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2 year hugel bed and the maxima squash dilemma

 
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Background on the bed; was a partially sunken fish pond with 2 distinct depths that I didn't  alter much after removing fish, water and liner before loading the layers. I did leave the wood aboveground frame of about 6 foot by 4 foot and perhaps 18 inches all above ground level, so it is also a raised bed. Once built, I seeded alfalfa and flax. I allowed anything to grow that would and saw a few wild sunflowers, wild lettuce and dandelions.

Before planting it this year I did what I could to swish it around and help things settle before adding additional soil to the top. Fill in some depth where needed in order to be relatively level.

In February I planted the seeds for the small tomatoes, a few cucumbers and 6 of the recently market harvested medium sized, blue-gray skinned "heirloom" pumpkin. I paid about $8 for it. It said jarrahdale.  I looked that up in Suzanne Ashworth 's Seed To Seed. It's a maxima, but was only about 12 dense pounds of deep orange, sweet meat! Of those 6, 5 came up and reached the hugel bed. I've since pinched out the 3rd wheel of 1 group.

We ( the seedlings and I) endured several harsh overnight lows for this area and for the babies as well. I resorted to plastic gallon jugs with caps on and 2 layers of shade cloth to keep the frost off. I didn't cover my bananas as well as I could have and really should have because the frosts did enough damage to cause the next in line to flower to do so without leaves or any warmer temperatures to support it. But I digress.

4 squash plants placed over the deepest end of the pond. I have identified no less than 10 females in various stages, the oldest about a week after hand pollination is still not larger than a baseball. I'm certain I've also identified where lateral vines are beginning to sprout that I see have some of those females.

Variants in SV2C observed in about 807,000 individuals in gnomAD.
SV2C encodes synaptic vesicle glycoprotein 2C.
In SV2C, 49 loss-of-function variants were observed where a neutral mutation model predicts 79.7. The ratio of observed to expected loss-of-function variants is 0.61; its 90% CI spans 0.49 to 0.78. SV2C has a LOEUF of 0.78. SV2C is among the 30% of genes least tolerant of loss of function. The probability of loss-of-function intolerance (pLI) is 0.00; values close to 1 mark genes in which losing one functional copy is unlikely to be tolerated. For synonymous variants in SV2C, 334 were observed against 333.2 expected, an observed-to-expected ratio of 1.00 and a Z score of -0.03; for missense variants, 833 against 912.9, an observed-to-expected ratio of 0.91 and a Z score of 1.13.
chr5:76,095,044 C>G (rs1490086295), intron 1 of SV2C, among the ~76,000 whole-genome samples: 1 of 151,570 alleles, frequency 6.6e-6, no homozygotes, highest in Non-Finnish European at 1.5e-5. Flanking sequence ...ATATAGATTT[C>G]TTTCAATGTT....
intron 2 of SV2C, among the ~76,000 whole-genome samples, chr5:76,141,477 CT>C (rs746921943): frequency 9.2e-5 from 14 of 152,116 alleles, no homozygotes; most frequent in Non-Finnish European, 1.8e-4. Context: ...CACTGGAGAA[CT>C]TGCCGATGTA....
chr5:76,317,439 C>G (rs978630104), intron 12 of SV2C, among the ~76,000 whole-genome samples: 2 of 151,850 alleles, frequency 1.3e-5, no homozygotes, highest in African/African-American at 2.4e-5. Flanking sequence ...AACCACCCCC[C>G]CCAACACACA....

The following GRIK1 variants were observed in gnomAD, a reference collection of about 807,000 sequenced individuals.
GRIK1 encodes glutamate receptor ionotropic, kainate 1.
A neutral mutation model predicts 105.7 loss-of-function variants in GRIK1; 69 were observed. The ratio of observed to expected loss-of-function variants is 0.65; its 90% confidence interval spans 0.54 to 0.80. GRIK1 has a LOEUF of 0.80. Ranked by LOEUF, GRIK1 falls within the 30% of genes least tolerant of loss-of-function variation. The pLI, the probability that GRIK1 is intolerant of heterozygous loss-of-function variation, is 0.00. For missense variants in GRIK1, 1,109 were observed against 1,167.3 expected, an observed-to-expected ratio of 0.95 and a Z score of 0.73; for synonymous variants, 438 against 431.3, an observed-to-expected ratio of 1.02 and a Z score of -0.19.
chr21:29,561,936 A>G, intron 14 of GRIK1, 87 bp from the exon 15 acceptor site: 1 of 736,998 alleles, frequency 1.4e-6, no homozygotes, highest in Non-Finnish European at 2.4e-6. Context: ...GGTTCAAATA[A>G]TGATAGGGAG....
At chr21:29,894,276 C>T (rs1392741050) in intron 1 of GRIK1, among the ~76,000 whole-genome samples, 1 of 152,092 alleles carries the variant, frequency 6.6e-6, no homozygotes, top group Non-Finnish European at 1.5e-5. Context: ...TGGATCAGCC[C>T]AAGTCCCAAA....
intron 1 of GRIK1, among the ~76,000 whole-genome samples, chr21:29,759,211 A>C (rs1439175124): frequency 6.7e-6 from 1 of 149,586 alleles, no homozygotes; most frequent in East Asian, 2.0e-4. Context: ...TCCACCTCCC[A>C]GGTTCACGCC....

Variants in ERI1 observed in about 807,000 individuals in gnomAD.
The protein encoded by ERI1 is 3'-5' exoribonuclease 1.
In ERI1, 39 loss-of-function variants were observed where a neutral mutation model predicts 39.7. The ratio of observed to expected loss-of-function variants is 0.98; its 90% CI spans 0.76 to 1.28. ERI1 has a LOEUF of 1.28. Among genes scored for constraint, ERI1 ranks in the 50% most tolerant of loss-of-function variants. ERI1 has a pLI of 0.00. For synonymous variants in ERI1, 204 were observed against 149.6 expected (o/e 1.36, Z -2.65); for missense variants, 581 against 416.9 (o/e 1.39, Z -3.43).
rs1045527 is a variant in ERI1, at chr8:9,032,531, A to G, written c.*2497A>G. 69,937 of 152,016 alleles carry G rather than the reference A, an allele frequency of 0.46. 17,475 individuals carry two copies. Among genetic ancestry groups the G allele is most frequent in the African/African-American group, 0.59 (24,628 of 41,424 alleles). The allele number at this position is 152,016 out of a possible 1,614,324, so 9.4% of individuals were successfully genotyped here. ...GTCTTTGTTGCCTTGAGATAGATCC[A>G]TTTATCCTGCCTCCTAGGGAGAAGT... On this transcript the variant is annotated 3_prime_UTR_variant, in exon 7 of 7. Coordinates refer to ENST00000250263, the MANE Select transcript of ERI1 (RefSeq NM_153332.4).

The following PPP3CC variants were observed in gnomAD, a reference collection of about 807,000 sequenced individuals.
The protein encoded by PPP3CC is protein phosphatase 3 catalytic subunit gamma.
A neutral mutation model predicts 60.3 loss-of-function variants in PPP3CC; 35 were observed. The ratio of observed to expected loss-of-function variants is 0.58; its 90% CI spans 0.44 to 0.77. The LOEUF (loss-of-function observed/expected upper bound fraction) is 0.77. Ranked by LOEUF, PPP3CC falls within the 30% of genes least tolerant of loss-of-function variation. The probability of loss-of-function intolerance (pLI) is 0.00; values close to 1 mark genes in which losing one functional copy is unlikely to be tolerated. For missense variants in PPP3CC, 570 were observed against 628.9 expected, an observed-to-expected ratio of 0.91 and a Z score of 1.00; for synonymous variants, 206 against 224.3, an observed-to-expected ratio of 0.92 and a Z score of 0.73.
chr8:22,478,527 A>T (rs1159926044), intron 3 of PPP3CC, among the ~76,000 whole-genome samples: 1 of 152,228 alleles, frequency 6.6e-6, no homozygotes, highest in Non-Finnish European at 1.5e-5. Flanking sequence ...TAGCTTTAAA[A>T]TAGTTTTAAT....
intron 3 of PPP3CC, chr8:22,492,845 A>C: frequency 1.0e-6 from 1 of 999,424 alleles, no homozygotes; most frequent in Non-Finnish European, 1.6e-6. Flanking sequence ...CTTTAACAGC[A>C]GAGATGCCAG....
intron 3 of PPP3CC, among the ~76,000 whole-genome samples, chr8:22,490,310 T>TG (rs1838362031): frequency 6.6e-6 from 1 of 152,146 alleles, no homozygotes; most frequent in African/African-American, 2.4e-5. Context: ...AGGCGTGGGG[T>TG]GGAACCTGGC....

My quandary is do I go for maximum numbers and only interfere by gentle direction and a pinched umbrella-sized leaf now and then? Or would I be better served by pinching laterals and thinning fruit to some imposed maximum limit of fruits per plant? Sort of like thinning tree fruit to gain size and quality.

I have an idea of what kind of monster this may be allowing to go completely untamed. I've grown Big Max before,  3 plants took over an entire large corner of a large yard giving me 7 or 8 fruits weighing in between 25 and 65 pounds each.

20220504_180934.jpg
Oldest baby pumpkin- 1 wk past hand pollination
Oldest baby pumpkin- 1 wk past hand pollination
20220504_181123.jpg
Lateral vine coming from below that eldest
Lateral vine coming from below that eldest
20220504_180845.jpg
Today's pollination #1
Today's pollination #1
20220504_180911.jpg
Isn't that just the cutest infant squash
Isn't that just the cutest infant squash
 
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For me, bigger squash are always harder to work with, so if I could trade size for quantity, that's desireable for food, but if I wanted a spectacle, I'd limit it to 1-2 squash per plant and really get them huge